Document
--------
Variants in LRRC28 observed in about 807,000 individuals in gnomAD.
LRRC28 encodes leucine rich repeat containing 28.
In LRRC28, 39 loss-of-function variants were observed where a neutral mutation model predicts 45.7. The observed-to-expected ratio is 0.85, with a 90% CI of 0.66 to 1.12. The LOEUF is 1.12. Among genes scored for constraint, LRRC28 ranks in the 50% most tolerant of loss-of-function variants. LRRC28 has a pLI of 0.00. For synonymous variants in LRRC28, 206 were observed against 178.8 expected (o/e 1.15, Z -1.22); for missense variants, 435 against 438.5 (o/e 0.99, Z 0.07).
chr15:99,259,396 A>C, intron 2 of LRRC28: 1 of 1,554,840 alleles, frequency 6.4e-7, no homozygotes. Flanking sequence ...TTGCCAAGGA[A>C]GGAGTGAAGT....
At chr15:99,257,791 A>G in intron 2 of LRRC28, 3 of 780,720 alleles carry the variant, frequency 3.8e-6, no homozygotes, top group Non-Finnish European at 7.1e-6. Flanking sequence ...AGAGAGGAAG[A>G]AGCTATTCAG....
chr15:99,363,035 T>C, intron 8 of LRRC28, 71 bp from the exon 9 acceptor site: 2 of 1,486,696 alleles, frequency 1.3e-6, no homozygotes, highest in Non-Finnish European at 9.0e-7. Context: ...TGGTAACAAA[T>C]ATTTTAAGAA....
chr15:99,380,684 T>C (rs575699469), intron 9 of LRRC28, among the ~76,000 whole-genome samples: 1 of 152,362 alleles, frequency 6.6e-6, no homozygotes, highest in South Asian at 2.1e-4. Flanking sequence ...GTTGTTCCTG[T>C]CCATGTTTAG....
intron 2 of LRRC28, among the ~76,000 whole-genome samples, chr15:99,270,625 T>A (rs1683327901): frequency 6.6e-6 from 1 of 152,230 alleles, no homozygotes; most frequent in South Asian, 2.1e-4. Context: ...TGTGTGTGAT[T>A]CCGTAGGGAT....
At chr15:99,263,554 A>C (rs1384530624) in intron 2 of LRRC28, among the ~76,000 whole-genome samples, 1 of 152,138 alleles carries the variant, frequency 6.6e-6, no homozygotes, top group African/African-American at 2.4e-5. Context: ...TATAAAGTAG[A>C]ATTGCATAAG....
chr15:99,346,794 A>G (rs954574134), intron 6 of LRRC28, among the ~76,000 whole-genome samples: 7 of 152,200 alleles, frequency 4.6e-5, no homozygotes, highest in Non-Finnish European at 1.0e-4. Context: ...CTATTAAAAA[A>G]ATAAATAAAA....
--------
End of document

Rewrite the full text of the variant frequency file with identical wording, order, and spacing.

Variants in LRRC28 observed in about 807,000 individuals in gnomAD.
LRRC28 encodes leucine rich repeat containing 28.
In LRRC28, 39 loss-of-function variants were observed where a neutral mutation model predicts 45.7. The observed-to-expected ratio is 0.85, with a 90% CI of 0.66 to 1.12. The LOEUF is 1.12. Among genes scored for constraint, LRRC28 ranks in the 50% most tolerant of loss-of-function variants. LRRC28 has a pLI of 0.00. For synonymous variants in LRRC28, 206 were observed against 178.8 expected (o/e 1.15, Z -1.22); for missense variants, 435 against 438.5 (o/e 0.99, Z 0.07).
chr15:99,259,396 A>C, intron 2 of LRRC28: 1 of 1,554,840 alleles, frequency 6.4e-7, no homozygotes. Flanking sequence ...TTGCCAAGGA[A>C]GGAGTGAAGT....
At chr15:99,257,791 A>G in intron 2 of LRRC28, 3 of 780,720 alleles carry the variant, frequency 3.8e-6, no homozygotes, top group Non-Finnish European at 7.1e-6. Flanking sequence ...AGAGAGGAAG[A>G]AGCTATTCAG....
chr15:99,363,035 T>C, intron 8 of LRRC28, 71 bp from the exon 9 acceptor site: 2 of 1,486,696 alleles, frequency 1.3e-6, no homozygotes, highest in Non-Finnish European at 9.0e-7. Context: ...TGGTAACAAA[T>C]ATTTTAAGAA....
chr15:99,380,684 T>C (rs575699469), intron 9 of LRRC28, among the ~76,000 whole-genome samples: 1 of 152,362 alleles, frequency 6.6e-6, no homozygotes, highest in South Asian at 2.1e-4. Flanking sequence ...GTTGTTCCTG[T>C]CCATGTTTAG....
intron 2 of LRRC28, among the ~76,000 whole-genome samples, chr15:99,270,625 T>A (rs1683327901): frequency 6.6e-6 from 1 of 152,230 alleles, no homozygotes; most frequent in South Asian, 2.1e-4. Context: ...TGTGTGTGAT[T>A]CCGTAGGGAT....
At chr15:99,263,554 A>C (rs1384530624) in intron 2 of LRRC28, among the ~76,000 whole-genome samples, 1 of 152,138 alleles carries the variant, frequency 6.6e-6, no homozygotes, top group African/African-American at 2.4e-5. Context: ...TATAAAGTAG[A>C]ATTGCATAAG....
chr15:99,346,794 A>G (rs954574134), intron 6 of LRRC28, among the ~76,000 whole-genome samples: 7 of 152,200 alleles, frequency 4.6e-5, no homozygotes, highest in Non-Finnish European at 1.0e-4. Context: ...CTATTAAAAA[A>G]ATAAATAAAA....